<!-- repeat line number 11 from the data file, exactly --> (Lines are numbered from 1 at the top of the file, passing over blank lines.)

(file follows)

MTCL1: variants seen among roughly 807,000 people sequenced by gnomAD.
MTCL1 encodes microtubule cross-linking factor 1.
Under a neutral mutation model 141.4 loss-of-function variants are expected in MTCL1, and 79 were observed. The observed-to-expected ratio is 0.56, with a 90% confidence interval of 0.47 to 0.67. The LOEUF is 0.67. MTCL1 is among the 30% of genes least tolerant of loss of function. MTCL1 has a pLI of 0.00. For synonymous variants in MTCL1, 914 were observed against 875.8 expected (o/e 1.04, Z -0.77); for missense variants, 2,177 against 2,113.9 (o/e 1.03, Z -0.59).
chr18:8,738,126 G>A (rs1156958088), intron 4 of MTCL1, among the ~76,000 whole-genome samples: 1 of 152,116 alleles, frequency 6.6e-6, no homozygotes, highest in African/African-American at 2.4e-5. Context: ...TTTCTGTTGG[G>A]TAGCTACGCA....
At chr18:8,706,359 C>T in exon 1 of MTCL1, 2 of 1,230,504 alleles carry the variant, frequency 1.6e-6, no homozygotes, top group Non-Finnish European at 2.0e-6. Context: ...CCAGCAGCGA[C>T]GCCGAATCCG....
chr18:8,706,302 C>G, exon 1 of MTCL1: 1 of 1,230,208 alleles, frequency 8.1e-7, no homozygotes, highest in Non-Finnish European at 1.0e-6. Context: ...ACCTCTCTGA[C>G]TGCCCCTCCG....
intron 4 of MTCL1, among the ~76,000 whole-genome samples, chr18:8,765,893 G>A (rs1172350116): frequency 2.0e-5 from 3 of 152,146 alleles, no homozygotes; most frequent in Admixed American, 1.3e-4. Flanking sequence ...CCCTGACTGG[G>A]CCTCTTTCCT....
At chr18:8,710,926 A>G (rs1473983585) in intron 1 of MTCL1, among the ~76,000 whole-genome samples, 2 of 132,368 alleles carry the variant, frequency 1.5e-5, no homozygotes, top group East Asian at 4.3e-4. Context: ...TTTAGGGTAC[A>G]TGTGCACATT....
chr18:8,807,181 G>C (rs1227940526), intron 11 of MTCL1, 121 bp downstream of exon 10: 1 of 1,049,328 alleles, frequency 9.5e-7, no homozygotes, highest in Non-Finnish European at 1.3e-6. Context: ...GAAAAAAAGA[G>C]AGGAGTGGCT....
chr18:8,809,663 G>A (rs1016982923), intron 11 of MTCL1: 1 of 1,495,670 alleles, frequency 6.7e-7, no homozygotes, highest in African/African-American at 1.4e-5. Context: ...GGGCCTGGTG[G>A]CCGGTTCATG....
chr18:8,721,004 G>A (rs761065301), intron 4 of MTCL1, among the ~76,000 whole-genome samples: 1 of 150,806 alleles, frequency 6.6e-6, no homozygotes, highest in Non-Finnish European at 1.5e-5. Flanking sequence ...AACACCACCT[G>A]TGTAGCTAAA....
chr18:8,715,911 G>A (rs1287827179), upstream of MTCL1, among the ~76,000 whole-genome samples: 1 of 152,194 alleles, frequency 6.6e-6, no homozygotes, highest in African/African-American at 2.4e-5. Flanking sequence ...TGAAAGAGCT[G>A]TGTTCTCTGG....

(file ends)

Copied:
chr18:8,721,004 G>A (rs761065301), intron 4 of MTCL1, among the ~76,000 whole-genome samples: 1 of 150,806 alleles, frequency 6.6e-6, no homozygotes, highest in Non-Finnish European at 1.5e-5. Flanking sequence ...AACACCACCT[G>A]TGTAGCTAAA....